Ordnance Survey (OS) is working with Natural England and Durham University to help produce a detailed carbon model for Thorne and Hatfield Moors, part of Humberhead Peatlands National Nature Reserve in South Yorkshire.
The project will support the development of an accurate and detailed peat map of Thorne and Hatfield Moors, which can be used to monitor peatland health and help inform and target future restoration activity on the site.
OS’s technical experts have been using geospatial data and Earth observation (EO) data to analyse the current condition of peatland. This baselining technique could subsequently be rolled out nationwide to facilitate access to investment for large-scale peatland restoration projects from carbon markets.
Using OS data, experts will accurately record different types of vegetation species, provide reporting on vegetation cover and health, monitor greenhouse gas emission types and establish the water table. The data will be presented via the OS VeriEarth platform, supported by a dashboard which will enable Natural England to assess site condition and monitor changes across a large site area with a high degree of accuracy. This enables a detailed carbon baseline to be established and accurately monitored which, could enable effective verification for a highly sophisticated approach for carbon accounting.
The project team want to demonstrate how this technology can be used to support a highly accurate assessment of the beneficial impact of peatland restoration on carbon emissions across a large site, and to assess the potential for validation of restoration work under the Peatland Code. The aim is both to meet the verification and monitoring requirements of the Code and to satisfy those carbon investors who are seeking the highest standards of project assurance.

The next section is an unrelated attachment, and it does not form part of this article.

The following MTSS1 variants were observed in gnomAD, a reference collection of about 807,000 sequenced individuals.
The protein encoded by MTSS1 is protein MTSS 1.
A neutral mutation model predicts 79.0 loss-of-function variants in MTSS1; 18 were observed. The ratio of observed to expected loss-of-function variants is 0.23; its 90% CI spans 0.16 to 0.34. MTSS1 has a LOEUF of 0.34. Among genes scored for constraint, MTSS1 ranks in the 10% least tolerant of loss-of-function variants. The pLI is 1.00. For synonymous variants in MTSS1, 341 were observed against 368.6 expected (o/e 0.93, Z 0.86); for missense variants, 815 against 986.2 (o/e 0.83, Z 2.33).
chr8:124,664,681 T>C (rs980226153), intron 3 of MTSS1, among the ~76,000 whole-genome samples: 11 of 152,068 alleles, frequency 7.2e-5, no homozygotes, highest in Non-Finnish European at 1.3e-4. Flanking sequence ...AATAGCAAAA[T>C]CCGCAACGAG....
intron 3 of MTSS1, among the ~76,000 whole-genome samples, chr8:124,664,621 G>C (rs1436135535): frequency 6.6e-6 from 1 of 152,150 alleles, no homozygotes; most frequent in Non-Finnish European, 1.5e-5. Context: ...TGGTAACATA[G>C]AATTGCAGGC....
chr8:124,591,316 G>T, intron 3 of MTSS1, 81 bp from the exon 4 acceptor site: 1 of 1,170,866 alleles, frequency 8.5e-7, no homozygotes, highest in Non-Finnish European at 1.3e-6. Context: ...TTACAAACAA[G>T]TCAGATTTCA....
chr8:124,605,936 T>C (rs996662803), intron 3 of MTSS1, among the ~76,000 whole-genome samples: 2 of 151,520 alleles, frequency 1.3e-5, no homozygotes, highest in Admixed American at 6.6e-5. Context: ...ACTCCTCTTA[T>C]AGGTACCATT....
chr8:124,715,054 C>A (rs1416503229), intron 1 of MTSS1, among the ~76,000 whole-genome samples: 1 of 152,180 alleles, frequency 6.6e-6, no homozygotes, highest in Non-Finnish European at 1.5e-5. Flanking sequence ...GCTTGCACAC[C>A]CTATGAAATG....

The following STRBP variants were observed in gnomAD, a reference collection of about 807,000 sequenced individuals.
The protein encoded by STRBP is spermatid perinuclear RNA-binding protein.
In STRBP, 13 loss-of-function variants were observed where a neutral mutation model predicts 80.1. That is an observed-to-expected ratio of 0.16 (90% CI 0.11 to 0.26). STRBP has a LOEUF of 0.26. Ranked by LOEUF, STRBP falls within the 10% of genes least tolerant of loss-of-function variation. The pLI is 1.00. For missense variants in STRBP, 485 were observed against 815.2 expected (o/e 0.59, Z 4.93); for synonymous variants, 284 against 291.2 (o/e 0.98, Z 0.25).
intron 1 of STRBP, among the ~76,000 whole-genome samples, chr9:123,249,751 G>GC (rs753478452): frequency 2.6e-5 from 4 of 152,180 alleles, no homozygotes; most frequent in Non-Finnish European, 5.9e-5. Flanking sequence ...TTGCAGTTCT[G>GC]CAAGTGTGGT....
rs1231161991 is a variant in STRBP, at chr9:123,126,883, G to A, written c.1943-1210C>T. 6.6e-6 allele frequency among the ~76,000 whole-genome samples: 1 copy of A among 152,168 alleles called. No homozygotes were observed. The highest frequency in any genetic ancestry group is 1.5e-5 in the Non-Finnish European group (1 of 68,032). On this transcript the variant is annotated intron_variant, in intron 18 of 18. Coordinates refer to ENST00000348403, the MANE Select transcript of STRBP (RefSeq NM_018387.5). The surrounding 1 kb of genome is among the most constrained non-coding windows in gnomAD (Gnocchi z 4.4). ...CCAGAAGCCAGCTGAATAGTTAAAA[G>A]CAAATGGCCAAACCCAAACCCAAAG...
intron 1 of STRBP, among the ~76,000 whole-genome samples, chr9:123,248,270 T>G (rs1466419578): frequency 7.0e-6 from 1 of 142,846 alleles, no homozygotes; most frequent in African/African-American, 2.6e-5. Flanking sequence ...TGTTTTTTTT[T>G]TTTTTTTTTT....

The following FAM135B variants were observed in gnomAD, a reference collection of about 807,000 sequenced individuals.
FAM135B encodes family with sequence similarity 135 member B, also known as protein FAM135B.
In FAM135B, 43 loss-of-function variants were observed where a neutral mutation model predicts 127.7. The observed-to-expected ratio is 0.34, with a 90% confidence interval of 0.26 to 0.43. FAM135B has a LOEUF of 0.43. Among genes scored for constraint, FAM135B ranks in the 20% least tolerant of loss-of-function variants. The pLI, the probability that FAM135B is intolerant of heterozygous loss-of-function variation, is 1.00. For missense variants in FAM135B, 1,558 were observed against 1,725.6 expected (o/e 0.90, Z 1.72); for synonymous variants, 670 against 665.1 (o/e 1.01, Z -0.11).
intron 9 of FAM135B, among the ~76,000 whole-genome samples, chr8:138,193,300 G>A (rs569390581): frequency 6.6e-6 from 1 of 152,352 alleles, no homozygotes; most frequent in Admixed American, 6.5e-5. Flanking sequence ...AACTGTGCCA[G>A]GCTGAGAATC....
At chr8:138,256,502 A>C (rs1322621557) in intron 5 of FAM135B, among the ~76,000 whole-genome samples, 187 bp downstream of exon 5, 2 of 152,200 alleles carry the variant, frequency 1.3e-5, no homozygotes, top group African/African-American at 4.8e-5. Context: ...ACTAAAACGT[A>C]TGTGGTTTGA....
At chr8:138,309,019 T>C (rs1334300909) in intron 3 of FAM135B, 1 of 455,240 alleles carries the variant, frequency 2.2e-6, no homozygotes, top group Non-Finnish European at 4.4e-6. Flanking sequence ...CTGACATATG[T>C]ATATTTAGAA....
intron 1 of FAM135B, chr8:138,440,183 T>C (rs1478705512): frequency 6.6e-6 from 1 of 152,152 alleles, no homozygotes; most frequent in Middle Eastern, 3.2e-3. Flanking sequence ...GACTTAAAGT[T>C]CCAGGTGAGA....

Peatlands are the largest natural carbon store on land, storing more carbon than is currently in the global atmosphere and have a net cooling effect on climate change. Natural England aims to prevent further loss of peatland habitats, re-wetting peatland areas and returning them to their natural state which could make a significant contribution to achieving targets on reducing carbon emissions and reaching Net Zero by 2050, as well as improving water quality, reduce flood risk and support biodiversity.
Donna Lyndsay, who is Sustainability Lead for Ordnance Survey told me: “We need to protect our peatlands so they are healthy and rich in wildlife. Using geospatial data and our technical expertise we can provide valuable insights and evidence to ensure we are preserving carbon sinks and optimising site management.
“This type of project highlights the need for viable solutions to combat the risks of climate change and demonstrate how accurate geospatial data can provide credibility in nature-based restoration for investment, ensuring that organisations and landowners are effectively preserving and restoring our peatlands.”
Neil Pike, Manager in Natural England’s Yorkshire and Northern Lincolnshire team added; “Monitoring a site like Hatfield Moor presents some unique challenges, owing to its very large area and inaccessibility of parts of the site during wetter periods. The model has the potential to provide a means for Natural England to transform how we monitor site condition and we are interested in testing how the outputs from this model can enable us to target our restoration activities on Hatfield Moor for maximum benefit.”
Professor Fred Worrall, peatlands expert, University of Durham – “The capacity of peatlands to provide nature-based solutions to meeting our net zero targets is significant. In Humberhead Peatlands alone the capacity is enough for the whole of the City of Doncaster to become net zero for the next 30 years. To make these nature-based solutions possible we need ways to assess capacity, target the appropriate management, and assure that greenhouse gas savings have been made – the tools developed in this partnership enable that to happen”.
The Humberhead Peatlands, located in South Yorkshire, are part of the last remnants of a large wetland that occupied the floodplain of the Humberhead Levels thousands of years ago.
The Humberhead Peatlands comprises Thorne, Hatfield, Goole, and Crowle Moors and are designated as National Nature Reserves. It represents the largest area of raised bog wilderness in lowland UK at 2,887 hectares in size.
Close to Goole, Thorne, Doncaster and Scunthorpe, this globally vital landscape is not only a unique lowland reserve, but provides important and opportunities for study and recreation.